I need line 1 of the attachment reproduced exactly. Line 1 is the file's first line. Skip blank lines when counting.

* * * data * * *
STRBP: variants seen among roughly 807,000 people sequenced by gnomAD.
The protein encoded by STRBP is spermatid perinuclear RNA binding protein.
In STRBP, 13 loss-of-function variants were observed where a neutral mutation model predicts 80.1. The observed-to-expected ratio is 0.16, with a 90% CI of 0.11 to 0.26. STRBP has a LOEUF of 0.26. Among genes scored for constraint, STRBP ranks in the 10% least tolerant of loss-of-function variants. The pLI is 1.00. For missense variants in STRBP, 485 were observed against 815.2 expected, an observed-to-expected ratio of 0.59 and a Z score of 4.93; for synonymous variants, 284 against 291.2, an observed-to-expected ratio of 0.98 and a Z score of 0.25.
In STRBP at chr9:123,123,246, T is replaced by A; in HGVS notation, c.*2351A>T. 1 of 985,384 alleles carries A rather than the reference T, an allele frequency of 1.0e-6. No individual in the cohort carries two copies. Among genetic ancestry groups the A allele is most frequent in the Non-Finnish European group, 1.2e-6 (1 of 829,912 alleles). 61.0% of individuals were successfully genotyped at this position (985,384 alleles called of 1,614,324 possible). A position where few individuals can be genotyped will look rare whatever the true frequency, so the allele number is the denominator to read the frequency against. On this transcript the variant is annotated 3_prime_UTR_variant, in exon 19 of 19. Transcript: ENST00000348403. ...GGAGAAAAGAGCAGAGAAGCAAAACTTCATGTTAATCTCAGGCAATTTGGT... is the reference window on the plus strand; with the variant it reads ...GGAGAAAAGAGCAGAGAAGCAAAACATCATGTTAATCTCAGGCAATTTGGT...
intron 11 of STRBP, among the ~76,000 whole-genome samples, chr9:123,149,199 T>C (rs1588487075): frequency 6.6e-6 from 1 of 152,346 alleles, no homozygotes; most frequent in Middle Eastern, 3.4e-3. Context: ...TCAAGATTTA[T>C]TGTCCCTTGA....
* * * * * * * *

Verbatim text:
STRBP: variants seen among roughly 807,000 people sequenced by gnomAD.